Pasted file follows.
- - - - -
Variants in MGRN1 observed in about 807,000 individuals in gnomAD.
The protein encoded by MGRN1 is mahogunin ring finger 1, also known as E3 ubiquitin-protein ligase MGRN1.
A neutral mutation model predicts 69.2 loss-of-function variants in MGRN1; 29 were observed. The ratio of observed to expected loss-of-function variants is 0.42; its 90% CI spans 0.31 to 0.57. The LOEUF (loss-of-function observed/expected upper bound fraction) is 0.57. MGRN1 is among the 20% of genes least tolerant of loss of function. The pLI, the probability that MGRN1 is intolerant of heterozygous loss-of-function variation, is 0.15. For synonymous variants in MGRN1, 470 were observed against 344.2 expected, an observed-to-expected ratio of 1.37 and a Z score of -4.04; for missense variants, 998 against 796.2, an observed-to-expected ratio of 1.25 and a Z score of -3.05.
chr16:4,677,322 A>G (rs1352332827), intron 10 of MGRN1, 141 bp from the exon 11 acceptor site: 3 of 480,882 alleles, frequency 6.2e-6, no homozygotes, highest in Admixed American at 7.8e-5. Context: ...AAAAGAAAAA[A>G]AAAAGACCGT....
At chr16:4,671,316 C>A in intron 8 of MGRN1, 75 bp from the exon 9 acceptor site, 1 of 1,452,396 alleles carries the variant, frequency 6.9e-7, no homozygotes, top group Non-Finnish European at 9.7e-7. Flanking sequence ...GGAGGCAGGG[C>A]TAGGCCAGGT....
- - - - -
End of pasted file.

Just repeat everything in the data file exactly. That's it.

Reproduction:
Variants in MGRN1 observed in about 807,000 individuals in gnomAD.
The protein encoded by MGRN1 is mahogunin ring finger 1, also known as E3 ubiquitin-protein ligase MGRN1.
A neutral mutation model predicts 69.2 loss-of-function variants in MGRN1; 29 were observed. The ratio of observed to expected loss-of-function variants is 0.42; its 90% CI spans 0.31 to 0.57. The LOEUF (loss-of-function observed/expected upper bound fraction) is 0.57. MGRN1 is among the 20% of genes least tolerant of loss of function. The pLI, the probability that MGRN1 is intolerant of heterozygous loss-of-function variation, is 0.15. For synonymous variants in MGRN1, 470 were observed against 344.2 expected, an observed-to-expected ratio of 1.37 and a Z score of -4.04; for missense variants, 998 against 796.2, an observed-to-expected ratio of 1.25 and a Z score of -3.05.
chr16:4,677,322 A>G (rs1352332827), intron 10 of MGRN1, 141 bp from the exon 11 acceptor site: 3 of 480,882 alleles, frequency 6.2e-6, no homozygotes, highest in Admixed American at 7.8e-5. Context: ...AAAAGAAAAA[A>G]AAAAGACCGT....
At chr16:4,671,316 C>A in intron 8 of MGRN1, 75 bp from the exon 9 acceptor site, 1 of 1,452,396 alleles carries the variant, frequency 6.9e-7, no homozygotes, top group Non-Finnish European at 9.7e-7. Flanking sequence ...GGAGGCAGGG[C>A]TAGGCCAGGT....